Ben Rhodes said interesting things to Kelly McEvers on NPR this morning:
This clarifies a bit the President’s objectives and strategy for dealing with what the Administration wants to call ISIL (the Islamic State in Iraq and the Levant).
The objective he states is to squeeze ISIL and reduce the space in which it can operate. The White House is not aiming to defeat or destroy it, though it would be delighted if that is the outcome. But the Administration clearly agrees with its critics, who have been saying that defeat of ISIL requires deployment of 10-15,000 US troops. It doesn’t want to do that, so it has lowered its sights.
The principal means will be an international coalition, including moderates in Syria as well as Iraqi security forces (the Kurdish peshmerga as well as Baghdad’s massive but still underperforming army). The US role will include air strikes, supplying weapons, organizing logistics and providing intelligence. Washington and others will need to provide massive humanitarian assistance, mainly to displaced people and refugees. Bashar al Asad is explicitly not part of the political/military coalition. Iran implicitly is, at least inside Iraq and perhaps even inside Syria, where it is thought to have urged Asad to take more vigorous action against ISIL.
What this amounts to is a formula for proxy war against ISIL, with extensive US backing. No one should expect a short struggle, or an easy one. ISIL has demonstrated several capacities that will make it difficult to counter:
- it recruits easily.
- it fights well.
- it adapts to local circumstances.
- it has had at least some success in providing services to the civilian population.
- it kills and expels non-Muslims, creating massive population movements and enormous humanitarian aid requirements that burden its enemies.
- it appears to have ample funding from captured resources (banks and oil wells principally), extortion, kidnapping and Gulf donations.
The weakest link on the international coalition side of this war will be Baghdad, where sectarian politics undermined the effectiveness of the Iraqi security forces in the first place. There is no significant sign yet that Haider al Abadi, the newly designated (but not yet in office) prime minister, has found a way to fix what his predecessor Nouri al Maliki broke.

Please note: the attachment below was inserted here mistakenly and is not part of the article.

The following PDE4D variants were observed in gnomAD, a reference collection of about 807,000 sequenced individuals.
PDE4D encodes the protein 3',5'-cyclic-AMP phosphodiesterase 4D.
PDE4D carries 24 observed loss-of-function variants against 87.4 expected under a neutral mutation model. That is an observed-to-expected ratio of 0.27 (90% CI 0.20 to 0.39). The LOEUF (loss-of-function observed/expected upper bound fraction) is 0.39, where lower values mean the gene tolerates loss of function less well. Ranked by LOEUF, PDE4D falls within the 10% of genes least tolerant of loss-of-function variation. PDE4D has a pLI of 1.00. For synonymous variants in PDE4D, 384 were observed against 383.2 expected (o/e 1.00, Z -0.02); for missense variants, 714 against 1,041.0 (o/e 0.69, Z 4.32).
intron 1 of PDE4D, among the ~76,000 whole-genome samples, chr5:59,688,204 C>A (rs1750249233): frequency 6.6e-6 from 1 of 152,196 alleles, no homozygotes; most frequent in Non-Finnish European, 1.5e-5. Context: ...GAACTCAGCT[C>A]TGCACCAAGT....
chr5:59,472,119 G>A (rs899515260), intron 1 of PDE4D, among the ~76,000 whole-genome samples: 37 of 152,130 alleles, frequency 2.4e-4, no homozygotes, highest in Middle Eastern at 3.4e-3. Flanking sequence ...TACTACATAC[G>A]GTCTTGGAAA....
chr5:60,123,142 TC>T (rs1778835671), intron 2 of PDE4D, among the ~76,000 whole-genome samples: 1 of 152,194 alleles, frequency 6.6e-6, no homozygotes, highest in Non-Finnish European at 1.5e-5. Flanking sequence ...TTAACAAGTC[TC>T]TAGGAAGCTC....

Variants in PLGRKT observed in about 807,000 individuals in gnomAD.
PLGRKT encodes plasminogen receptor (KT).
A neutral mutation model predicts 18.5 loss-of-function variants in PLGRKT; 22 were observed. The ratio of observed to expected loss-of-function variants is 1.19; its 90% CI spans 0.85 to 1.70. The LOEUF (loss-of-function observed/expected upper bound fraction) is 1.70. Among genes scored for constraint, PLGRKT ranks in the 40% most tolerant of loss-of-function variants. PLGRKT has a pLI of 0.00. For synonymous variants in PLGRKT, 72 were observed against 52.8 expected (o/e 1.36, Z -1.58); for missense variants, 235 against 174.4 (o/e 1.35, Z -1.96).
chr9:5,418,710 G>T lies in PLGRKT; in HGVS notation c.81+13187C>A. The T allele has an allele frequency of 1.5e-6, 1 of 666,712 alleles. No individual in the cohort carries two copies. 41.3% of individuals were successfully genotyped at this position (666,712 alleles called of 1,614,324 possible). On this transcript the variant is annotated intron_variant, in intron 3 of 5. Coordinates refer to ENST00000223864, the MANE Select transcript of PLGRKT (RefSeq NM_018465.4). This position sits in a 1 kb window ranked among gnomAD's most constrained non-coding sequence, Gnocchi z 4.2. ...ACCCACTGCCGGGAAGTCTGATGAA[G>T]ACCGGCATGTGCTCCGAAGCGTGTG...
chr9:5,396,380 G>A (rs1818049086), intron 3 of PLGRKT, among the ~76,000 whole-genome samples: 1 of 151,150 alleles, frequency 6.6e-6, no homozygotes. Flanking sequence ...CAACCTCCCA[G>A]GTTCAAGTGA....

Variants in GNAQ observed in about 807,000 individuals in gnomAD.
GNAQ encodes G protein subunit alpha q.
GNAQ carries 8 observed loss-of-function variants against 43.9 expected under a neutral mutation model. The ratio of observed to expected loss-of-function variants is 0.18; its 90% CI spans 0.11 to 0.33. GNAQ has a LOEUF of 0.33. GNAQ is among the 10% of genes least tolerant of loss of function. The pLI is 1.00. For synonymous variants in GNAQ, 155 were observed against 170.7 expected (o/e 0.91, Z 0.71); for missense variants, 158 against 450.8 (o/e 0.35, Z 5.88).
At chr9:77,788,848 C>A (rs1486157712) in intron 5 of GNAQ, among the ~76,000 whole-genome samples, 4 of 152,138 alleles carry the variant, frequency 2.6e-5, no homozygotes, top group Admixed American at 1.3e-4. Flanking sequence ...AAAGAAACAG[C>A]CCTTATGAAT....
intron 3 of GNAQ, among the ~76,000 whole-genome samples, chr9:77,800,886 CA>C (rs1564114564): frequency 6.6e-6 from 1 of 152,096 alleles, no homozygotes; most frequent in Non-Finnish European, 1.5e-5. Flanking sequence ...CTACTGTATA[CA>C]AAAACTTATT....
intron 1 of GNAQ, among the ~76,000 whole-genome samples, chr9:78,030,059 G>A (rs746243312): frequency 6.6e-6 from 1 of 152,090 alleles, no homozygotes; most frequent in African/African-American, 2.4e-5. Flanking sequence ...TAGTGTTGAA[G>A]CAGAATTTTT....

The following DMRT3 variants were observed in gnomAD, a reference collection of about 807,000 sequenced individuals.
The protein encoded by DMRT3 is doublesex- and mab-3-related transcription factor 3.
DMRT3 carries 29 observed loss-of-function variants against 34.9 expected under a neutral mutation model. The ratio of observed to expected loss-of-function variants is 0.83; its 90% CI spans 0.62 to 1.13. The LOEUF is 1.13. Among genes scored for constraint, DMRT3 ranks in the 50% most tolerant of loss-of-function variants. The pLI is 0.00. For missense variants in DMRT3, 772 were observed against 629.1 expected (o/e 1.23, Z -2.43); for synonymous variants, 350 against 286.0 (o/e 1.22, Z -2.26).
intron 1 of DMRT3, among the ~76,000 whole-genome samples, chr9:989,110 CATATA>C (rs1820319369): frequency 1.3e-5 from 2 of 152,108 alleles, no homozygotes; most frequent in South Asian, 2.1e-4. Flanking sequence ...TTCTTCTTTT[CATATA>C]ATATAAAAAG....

Abadi needs somehow bring a significant portion of the Sunni population to his side by meeting some of their demands for increased resources and power. ISIL may help him, if it tries to enforce its draconian lifestyle preferences (no smoking, no women in the street, murder of dissenters). But he will need to show in the formation of his new government (due in early September) significant Sunni participation in key roles in order to convince Sunnis of his sincerity in overcoming Maliki’s legacy.
Abadi also needs to resolve the problems Maliki created with Iraqi Kurdistan by refusing to transfer the money it is owed and trying to block its exports of oil. The Kurds will fight to protect themselves and may even go a bit farther than that in order to please the Americans and increase their own leverage, as they did in helping to retake the Mosul Dam. But if Abadi wants their help in retaking places like Tikrit, where few Kurds live, he’ll need to give them good reasons.
Proxy war is never easy. It may reduce the number of Americans at risk, but it will require deep American involvement in the politics of Syria and Iraq as well as a lengthy commitment of American resources. We are in for a long war with ISIL, an enemy who will reach past the proxies and attack Americans wherever it can find them. Jim Foley was a beginning, not the end.